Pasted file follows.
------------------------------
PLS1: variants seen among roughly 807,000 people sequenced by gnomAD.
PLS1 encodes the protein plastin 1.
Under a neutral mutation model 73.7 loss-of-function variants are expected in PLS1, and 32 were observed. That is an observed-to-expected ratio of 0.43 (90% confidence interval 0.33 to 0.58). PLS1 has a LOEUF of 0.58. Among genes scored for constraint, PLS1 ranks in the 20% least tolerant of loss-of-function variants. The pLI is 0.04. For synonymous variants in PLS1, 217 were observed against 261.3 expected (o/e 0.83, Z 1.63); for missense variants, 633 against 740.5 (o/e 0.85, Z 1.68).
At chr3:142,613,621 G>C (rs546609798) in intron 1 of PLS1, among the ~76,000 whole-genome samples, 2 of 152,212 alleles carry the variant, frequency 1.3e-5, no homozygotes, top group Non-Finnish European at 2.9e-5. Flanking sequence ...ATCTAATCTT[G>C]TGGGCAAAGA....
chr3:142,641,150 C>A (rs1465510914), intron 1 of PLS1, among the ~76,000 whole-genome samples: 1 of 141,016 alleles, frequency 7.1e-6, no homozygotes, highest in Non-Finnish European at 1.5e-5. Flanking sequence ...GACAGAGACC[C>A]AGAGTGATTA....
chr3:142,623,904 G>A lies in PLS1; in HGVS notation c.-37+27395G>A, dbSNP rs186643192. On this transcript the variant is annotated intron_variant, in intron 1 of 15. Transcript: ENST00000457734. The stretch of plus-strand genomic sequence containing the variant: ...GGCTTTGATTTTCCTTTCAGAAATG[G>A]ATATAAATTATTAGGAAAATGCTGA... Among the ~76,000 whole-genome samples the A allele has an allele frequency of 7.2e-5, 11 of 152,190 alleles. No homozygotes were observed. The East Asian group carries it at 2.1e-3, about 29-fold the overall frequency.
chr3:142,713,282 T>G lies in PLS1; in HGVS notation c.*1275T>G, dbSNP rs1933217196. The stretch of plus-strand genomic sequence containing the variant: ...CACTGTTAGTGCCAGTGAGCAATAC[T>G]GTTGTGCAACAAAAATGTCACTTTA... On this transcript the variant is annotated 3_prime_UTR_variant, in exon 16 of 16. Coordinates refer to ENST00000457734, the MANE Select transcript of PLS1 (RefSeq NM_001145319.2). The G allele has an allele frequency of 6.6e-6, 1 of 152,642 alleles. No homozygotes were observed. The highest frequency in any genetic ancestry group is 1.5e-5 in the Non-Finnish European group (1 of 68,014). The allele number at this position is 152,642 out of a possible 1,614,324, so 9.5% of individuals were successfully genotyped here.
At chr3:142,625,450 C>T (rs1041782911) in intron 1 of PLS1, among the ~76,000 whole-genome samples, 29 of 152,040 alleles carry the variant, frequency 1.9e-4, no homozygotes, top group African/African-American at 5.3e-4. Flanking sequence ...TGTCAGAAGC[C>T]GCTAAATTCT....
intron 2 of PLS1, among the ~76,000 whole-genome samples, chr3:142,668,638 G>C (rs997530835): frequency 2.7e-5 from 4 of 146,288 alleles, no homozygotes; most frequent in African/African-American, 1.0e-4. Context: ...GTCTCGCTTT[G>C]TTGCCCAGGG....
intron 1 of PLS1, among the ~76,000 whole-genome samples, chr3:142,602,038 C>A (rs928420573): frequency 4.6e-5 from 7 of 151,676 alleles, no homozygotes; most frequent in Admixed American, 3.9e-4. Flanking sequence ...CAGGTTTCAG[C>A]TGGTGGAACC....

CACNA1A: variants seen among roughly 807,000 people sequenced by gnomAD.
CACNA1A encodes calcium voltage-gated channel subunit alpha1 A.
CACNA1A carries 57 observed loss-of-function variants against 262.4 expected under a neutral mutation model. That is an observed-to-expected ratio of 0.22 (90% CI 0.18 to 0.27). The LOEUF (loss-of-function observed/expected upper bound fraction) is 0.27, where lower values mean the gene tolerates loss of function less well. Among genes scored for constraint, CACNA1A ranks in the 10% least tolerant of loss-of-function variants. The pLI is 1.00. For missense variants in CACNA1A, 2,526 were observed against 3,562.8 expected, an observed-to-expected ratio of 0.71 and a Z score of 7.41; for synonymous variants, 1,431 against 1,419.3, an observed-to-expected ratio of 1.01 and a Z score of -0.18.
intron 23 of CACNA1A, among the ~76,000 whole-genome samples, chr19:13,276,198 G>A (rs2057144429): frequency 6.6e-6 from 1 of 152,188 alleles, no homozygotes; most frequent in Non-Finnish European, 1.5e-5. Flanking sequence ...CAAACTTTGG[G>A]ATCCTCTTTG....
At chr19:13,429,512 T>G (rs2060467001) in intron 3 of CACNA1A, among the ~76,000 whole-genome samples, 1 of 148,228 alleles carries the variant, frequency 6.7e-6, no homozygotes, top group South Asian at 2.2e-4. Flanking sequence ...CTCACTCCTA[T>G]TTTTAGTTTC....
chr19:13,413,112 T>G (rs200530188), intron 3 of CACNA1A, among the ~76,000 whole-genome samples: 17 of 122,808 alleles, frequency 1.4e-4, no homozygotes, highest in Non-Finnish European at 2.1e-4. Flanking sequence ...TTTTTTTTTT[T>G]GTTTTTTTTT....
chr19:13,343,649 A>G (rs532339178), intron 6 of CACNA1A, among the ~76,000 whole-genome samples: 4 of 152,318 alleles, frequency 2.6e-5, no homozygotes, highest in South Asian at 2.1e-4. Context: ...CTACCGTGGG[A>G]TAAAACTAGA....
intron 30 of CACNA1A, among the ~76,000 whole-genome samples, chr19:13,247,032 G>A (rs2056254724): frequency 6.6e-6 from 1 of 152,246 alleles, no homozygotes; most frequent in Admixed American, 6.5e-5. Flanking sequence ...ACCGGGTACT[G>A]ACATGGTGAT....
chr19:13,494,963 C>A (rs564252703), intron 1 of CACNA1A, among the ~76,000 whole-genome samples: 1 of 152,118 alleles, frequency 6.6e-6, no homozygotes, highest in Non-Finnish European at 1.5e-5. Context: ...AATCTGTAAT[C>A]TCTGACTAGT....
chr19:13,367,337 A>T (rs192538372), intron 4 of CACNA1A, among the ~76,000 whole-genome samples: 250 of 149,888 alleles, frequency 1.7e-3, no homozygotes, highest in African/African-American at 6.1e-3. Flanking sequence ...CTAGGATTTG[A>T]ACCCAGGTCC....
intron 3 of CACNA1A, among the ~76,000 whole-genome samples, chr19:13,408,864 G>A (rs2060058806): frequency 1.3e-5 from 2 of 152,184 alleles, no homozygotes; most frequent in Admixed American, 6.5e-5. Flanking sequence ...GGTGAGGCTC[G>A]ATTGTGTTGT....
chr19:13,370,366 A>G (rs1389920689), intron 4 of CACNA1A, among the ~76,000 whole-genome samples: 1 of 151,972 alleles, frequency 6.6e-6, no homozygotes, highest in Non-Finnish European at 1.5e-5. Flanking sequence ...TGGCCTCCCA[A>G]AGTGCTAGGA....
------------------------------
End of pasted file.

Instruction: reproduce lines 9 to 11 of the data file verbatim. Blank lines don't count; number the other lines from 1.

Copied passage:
intron 2 of PLS1, among the ~76,000 whole-genome samples, chr3:142,668,638 G>C (rs997530835): frequency 2.7e-5 from 4 of 146,288 alleles, no homozygotes; most frequent in African/African-American, 1.0e-4. Context: ...GTCTCGCTTT[G>C]TTGCCCAGGG....
intron 1 of PLS1, among the ~76,000 whole-genome samples, chr3:142,602,038 C>A (rs928420573): frequency 4.6e-5 from 7 of 151,676 alleles, no homozygotes; most frequent in Admixed American, 3.9e-4. Flanking sequence ...CAGGTTTCAG[C>A]TGGTGGAACC....

CACNA1A: variants seen among roughly 807,000 people sequenced by gnomAD.